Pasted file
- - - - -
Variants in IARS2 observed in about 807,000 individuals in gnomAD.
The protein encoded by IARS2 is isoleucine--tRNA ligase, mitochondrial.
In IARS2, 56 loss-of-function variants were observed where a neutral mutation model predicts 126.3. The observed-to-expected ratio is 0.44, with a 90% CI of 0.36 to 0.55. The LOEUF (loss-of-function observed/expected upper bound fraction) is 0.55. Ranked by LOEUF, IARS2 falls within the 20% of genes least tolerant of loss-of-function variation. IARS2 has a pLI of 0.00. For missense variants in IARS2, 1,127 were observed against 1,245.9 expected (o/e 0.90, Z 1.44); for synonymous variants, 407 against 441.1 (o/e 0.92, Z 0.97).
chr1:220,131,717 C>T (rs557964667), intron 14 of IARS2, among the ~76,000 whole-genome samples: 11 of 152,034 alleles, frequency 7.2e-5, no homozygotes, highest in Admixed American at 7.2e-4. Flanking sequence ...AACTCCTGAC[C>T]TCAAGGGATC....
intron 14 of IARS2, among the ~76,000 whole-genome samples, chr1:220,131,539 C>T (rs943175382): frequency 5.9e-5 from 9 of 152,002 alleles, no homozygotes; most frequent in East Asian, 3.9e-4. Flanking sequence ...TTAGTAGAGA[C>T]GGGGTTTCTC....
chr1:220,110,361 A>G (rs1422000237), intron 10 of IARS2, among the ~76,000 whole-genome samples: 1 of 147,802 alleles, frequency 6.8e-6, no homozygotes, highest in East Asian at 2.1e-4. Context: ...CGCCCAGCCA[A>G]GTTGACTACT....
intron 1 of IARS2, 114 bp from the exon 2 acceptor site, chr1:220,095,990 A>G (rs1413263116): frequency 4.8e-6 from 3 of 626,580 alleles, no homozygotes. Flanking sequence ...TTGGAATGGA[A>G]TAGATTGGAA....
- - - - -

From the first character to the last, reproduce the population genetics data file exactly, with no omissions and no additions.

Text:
Variants in IARS2 observed in about 807,000 individuals in gnomAD.
The protein encoded by IARS2 is isoleucine--tRNA ligase, mitochondrial.
In IARS2, 56 loss-of-function variants were observed where a neutral mutation model predicts 126.3. The observed-to-expected ratio is 0.44, with a 90% CI of 0.36 to 0.55. The LOEUF (loss-of-function observed/expected upper bound fraction) is 0.55. Ranked by LOEUF, IARS2 falls within the 20% of genes least tolerant of loss-of-function variation. IARS2 has a pLI of 0.00. For missense variants in IARS2, 1,127 were observed against 1,245.9 expected (o/e 0.90, Z 1.44); for synonymous variants, 407 against 441.1 (o/e 0.92, Z 0.97).
chr1:220,131,717 C>T (rs557964667), intron 14 of IARS2, among the ~76,000 whole-genome samples: 11 of 152,034 alleles, frequency 7.2e-5, no homozygotes, highest in Admixed American at 7.2e-4. Flanking sequence ...AACTCCTGAC[C>T]TCAAGGGATC....
intron 14 of IARS2, among the ~76,000 whole-genome samples, chr1:220,131,539 C>T (rs943175382): frequency 5.9e-5 from 9 of 152,002 alleles, no homozygotes; most frequent in East Asian, 3.9e-4. Flanking sequence ...TTAGTAGAGA[C>T]GGGGTTTCTC....
chr1:220,110,361 A>G (rs1422000237), intron 10 of IARS2, among the ~76,000 whole-genome samples: 1 of 147,802 alleles, frequency 6.8e-6, no homozygotes, highest in East Asian at 2.1e-4. Context: ...CGCCCAGCCA[A>G]GTTGACTACT....
intron 1 of IARS2, 114 bp from the exon 2 acceptor site, chr1:220,095,990 A>G (rs1413263116): frequency 4.8e-6 from 3 of 626,580 alleles, no homozygotes. Flanking sequence ...TTGGAATGGA[A>G]TAGATTGGAA....